How is Latin America beating the U.S., China and Europe in FDI?

Ingo Ploger, President, Strategic Council, CEAL

Latin America’s reputation remains shaken and is under fire. In Brazil, the presidency passed a vote of confidence in Congress, confirming its permanence. In Mexico, NAFTA negotiations are facing a lot of stress, causing insecurity. Chile has already launched presidential campaigns, with no clear frontrunner. Ecuador arrested its vice president involved in corruption. Venezuela is on the verge of collapse and the regime goes beyond the limits of democratic tolerance. And several other countries are facing compliance as a new reality of doing politics and business.

In this spirit of volatility, uncertainty, complexity and ambiguities (VUCA) investors don’t necessarily have the motivation to seek the region as the first option for their investments. It is to be expected that as this scenario develops, capital will wait for better times.

However, the surprise is big when we analyze the performance of foreign direct investment (FDI) as a percentage of GDP in Latin America over the last few years compared to other regions such as the U.S., the EU and China. Evaluating the last 6 years, we can see that FDI-GDP in Latin America remains constant at 3.3 percent, while that of U.S., EU and China are below 3 percent.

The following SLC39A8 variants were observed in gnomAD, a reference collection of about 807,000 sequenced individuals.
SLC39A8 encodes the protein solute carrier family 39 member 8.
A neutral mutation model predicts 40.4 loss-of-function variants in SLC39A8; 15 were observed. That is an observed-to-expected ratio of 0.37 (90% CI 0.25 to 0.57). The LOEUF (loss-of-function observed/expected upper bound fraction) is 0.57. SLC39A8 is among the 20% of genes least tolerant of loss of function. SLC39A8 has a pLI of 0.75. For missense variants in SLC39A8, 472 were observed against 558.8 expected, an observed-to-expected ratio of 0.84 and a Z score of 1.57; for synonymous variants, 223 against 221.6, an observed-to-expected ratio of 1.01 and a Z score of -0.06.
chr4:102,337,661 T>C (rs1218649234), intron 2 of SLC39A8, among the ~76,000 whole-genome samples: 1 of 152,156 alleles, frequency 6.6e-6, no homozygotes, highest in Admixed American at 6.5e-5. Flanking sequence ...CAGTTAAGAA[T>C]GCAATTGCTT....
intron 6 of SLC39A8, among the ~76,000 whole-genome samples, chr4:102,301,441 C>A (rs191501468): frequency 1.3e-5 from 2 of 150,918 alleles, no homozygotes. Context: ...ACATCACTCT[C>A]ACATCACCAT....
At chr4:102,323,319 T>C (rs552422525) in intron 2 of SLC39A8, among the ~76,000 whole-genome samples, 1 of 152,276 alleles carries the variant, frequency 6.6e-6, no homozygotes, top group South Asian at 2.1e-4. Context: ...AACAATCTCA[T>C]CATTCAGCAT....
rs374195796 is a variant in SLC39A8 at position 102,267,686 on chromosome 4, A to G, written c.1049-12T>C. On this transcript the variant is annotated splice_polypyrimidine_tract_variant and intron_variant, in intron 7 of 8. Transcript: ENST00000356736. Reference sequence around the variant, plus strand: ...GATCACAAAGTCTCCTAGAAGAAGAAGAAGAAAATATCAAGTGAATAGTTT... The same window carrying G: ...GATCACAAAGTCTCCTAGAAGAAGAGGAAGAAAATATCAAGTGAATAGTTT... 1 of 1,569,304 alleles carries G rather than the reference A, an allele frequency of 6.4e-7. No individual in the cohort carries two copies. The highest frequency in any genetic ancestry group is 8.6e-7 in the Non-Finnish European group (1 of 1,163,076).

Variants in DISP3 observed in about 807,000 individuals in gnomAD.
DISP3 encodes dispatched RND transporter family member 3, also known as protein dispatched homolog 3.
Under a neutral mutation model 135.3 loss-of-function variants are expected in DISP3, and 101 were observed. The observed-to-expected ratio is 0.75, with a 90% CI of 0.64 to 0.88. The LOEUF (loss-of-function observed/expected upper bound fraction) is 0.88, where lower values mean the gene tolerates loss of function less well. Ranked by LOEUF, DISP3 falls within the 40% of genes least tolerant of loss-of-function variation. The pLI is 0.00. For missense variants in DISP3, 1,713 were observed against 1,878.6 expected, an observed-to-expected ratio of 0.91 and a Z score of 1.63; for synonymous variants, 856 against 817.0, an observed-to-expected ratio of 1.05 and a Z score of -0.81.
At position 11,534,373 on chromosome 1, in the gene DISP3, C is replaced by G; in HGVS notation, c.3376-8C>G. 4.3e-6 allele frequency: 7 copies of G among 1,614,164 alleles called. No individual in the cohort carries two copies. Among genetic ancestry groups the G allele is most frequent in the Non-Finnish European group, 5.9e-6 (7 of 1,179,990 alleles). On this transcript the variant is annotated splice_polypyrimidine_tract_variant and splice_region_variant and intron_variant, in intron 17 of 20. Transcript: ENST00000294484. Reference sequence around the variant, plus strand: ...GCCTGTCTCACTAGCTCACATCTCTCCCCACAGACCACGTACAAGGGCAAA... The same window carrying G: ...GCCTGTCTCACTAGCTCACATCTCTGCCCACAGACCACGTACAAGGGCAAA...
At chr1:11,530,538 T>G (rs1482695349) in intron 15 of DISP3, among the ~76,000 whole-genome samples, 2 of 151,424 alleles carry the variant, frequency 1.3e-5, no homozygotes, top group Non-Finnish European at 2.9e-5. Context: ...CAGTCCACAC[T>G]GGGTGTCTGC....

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Many evaluations can be made on this aspect. The first is that Latin America has been attracting FDI for its infrastructure, and that it is paying the capital satisfactorily. China doesn’t allow foreign capital in infrastructure. In the U.S. and the EU, the infrastructure is already well developed. The investment in Greenfields or in mergers and acquisitions can explain that Latin America has maintained a growth of its middle class by social insertion (Gini Index decreasing) and is keeping the interest in the investments of entrance products that are low-tech but of great scale. Mercosur’s productive chains in the areas of agribusiness and energy are growing and the Pacific Alliance’s short chains are interesting because of their competitiveness.

The outflow of Latin America in these years has served to carry out the investment of the “multilatinas” as well as profits’ remittances of international companies.  The FDI-GDP indicator is not used by economists, but it shows how the foreign investor evaluates third markets. In the comparison between economic blocks it is more common to observe the absolute value of FDI, but the relation with GDP makes sense for the performance aspect. Thus, Latin America has a high investment performance in IED, although its reputation is not among the best in the world.

What does this information teach us?

That probably the VUCA of Latin America is a symptom of transformation for the better and not necessarily for the worse. When a civil society sets out to transform itself it may generate many uncertainties, volatility and ambiguities, but if its direction is correct, then the bet will be well paid!

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